Author: Beth Zoller, XpertHR Legal Editor
In today's workplace, there is an increased focus on equal pay and eliminating the wage gap as the data shows that women still only make an average of approximately 82 cents for every dollar a man earns.
At the federal level, the Equal Pay Act requires that men and women receive equal pay for substantially equal work in terms of skill, effort and job responsibility, subject to some exceptions. Pay refers not just to salary but also overtime, bonuses, vacation and holiday pay, stock options, life insurance, and all other benefits and compensation. Federal discrimination law also prohibits wage discrimination based on race, religion, sex, national origin, age and disability, among other things. The Equal Employment Opportunity Commission (EEOC) is committed to eradicating wage discrimination and increasing pay transparency as part of its Strategic Enforcement Plan.
At the state and local level, there also is a renewed focus on equal pay laws. Some laws expand the protected classes for wage discrimination while others specifically prohibit an employer from banning employees from discussing their salaries. Other states require employers to provide specific notice to employees of their equal pay rights. Another continuing trend is jurisdictions enacting laws prohibiting an employer from asking prospective employees about prior salary history or wages, as this may perpetuate an existing wage gap.
The following are some key steps for HR to take to prevent wage discrimination and promote fair pay:
1. Audit Pay Practices
It is essential for an employer to review how it pays its employees and evaluate pay structures in order to recognize, correct and prevent compensation disparities. To minimize the risk of an equal pay claim, an employer should frequently review its pay practices, job descriptions, salaries, benefits and bonuses to ensure it is not engaging in discrimination based on sex, race, national origin or any other protected class under federal law. An employer also may want to consider state and local law with respect to protected classes. An employer should make sure that any wage differentials are based on legitimate and nondiscriminatory factors - such as education, training or experience - and supported by written documentation. If they are not, these issues should be corrected. An employer should abide by clear compensation standards and be able to easily defend all employment decisions.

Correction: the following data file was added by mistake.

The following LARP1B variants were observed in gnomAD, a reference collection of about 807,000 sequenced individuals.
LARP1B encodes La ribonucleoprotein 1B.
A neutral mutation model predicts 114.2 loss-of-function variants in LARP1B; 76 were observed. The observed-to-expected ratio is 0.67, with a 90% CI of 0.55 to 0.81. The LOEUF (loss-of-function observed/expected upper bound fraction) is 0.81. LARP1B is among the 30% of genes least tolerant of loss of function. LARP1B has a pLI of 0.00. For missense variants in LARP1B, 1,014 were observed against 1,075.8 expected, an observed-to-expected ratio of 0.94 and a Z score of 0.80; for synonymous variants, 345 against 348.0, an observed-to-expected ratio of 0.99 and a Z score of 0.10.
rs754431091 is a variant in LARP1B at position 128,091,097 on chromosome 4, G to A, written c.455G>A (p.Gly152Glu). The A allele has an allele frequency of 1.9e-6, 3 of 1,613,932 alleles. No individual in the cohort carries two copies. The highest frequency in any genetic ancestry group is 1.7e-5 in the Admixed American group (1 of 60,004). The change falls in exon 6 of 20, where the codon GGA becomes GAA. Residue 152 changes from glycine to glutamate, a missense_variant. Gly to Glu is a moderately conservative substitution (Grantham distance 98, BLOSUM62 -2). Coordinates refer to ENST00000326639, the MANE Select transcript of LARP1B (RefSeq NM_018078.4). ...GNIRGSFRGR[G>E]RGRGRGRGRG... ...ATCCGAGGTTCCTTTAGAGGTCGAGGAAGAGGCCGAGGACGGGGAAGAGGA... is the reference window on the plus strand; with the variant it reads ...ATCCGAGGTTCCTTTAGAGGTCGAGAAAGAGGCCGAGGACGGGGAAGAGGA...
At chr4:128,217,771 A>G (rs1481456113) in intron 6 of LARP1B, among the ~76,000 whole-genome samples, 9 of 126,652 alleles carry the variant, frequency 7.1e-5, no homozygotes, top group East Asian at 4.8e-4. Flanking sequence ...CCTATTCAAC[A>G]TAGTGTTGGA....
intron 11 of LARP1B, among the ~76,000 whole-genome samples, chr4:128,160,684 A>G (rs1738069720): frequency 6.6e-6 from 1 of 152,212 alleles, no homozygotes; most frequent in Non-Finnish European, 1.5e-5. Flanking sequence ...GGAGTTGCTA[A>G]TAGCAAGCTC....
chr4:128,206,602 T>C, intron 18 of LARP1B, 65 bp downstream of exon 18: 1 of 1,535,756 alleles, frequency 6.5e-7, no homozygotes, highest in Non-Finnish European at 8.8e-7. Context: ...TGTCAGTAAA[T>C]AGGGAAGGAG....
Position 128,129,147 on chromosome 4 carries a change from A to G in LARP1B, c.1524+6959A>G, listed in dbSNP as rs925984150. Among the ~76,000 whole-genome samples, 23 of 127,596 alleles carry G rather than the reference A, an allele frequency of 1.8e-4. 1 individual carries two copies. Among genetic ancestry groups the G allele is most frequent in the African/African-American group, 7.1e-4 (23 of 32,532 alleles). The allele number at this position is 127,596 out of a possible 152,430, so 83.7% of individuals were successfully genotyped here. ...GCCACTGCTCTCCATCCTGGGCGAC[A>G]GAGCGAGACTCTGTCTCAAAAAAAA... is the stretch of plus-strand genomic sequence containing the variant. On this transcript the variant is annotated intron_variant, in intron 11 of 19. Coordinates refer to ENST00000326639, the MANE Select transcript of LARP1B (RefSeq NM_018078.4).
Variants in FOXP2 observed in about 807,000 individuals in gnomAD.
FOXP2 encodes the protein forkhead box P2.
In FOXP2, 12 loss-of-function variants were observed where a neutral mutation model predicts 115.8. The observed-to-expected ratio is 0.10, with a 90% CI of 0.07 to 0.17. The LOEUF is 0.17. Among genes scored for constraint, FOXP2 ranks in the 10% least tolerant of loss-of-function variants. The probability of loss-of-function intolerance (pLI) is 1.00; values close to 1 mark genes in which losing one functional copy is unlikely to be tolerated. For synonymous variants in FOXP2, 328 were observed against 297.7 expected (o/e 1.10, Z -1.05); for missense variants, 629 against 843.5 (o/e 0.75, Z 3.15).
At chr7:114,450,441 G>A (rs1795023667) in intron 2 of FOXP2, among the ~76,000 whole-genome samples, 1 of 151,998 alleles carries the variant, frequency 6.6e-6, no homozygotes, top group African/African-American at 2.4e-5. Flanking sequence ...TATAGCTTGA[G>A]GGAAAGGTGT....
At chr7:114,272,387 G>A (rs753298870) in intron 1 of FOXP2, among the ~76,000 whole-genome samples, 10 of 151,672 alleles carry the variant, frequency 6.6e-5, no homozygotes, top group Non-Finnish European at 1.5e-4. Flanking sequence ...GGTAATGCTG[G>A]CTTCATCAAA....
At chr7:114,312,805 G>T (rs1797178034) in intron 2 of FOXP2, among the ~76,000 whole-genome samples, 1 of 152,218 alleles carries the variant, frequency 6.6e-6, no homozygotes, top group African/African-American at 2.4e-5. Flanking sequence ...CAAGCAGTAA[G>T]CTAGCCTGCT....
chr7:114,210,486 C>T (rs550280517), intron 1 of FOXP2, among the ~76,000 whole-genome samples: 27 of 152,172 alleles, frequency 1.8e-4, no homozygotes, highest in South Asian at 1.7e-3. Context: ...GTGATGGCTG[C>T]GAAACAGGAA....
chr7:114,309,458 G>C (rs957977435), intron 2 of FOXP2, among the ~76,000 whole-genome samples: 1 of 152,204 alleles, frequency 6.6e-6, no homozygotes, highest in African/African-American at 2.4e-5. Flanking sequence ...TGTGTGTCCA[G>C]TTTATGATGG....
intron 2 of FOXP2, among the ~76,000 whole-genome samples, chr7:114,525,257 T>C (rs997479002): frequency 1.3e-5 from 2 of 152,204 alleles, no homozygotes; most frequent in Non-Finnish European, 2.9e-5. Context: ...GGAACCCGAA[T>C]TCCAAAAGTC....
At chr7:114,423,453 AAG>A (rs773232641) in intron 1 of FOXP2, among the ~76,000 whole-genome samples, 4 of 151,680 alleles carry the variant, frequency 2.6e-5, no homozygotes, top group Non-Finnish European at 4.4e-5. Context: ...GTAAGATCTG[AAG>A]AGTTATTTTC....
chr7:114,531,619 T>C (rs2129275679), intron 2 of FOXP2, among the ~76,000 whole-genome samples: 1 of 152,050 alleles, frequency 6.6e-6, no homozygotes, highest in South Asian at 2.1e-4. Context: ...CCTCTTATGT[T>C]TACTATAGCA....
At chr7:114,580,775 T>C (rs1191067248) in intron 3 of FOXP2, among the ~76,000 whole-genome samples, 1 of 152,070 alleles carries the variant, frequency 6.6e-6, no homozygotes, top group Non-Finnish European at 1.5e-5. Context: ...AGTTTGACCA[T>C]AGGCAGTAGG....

2. Implement Policies Prohibiting Wage Discrimination
An employer should implement and enforce a policy prohibiting wage discrimination based on an employee's membership in a protected class. All employees should be paid fairly based on merit, skills and qualifications. A prudent employer should also maintain a multichannel internal complaint procedure allowing employees to bring wage discrimination complaints. Employees should be assured that they will not face retaliation for complaints.
3. Set Clear Standards for Salaries and Bonuses
It is important to establish clear guidelines for fair pay, salary increases and bonuses and make sure that they are tied to predictable and objective and nondiscriminatory factors such as merit, productivity, performance, sales or some combination of factors. Employees should be aware of the employer's expectations and how compensation decisions are made. Further, employees should be provided with yearly or bi-annual performance evaluations and reviews that advise employees as to whether they are meeting the employer's expectations.
4. Maintain Complete Wage Records
It is crucial to implement recordkeeping policies and procedures that enable an employer to keep comprehensive wage records for at least three years. An employer should be sure to carefully document all decisions regarding hiring,pay, performance and promotion. Recordkeeping provisions should extend not only to wage records, but also to records of job classifications, pay performance, promotion and other terms and conditions of employment. Complete records can be a very useful tool and provide critical evidence if an employer faces an equal pay or wage discrimination claim down the line. It will also be useful in preparing for the revised EEO-1 Report due in 2018.
5. Train Supervisors
All supervisors and managers - and especially those with responsibilities for recruiting, interviewing, screening and hiring employees - must receive proper training on how to avoid wage discrimination and make employment decisions based on legitimate and nondiscriminatory reasons such as merit, skill and performance. Managers and supervisors should also be instructed on how to maintain proper records and documentation regarding compensation decisions.
6. Do Not Prohibit Employees from Discussing Wages
Employees should be permitted to freely discuss information concerning wages, salary and benefits and inquire about their own or a co-worker's wages. The National Labor Relations Act guarantees employees the right to engage in protected concerted activity and collective action to improve their wages, hours and working conditions. Further, a number of states such as Illinois and New York have laws addressing the discussion of wages. Thus, an employer should not ban salary discussions.
7. Be Cautious if Requesting Salary History
Employers should take note that there is a new trend of laws restricting an employer's ability to seek an applicant's salary history information in an effort to close the wage gap between male and female applicants for doing the same or similar work. The rationale is that if an employer may not ask salary history questions, then an applicant who may have been underpaid in the past will not have his or her compensation history used against them. So far, laws have been enacted in states such as Delaware, Oregon and Massachusetts and cities such as New York City and San Francisco.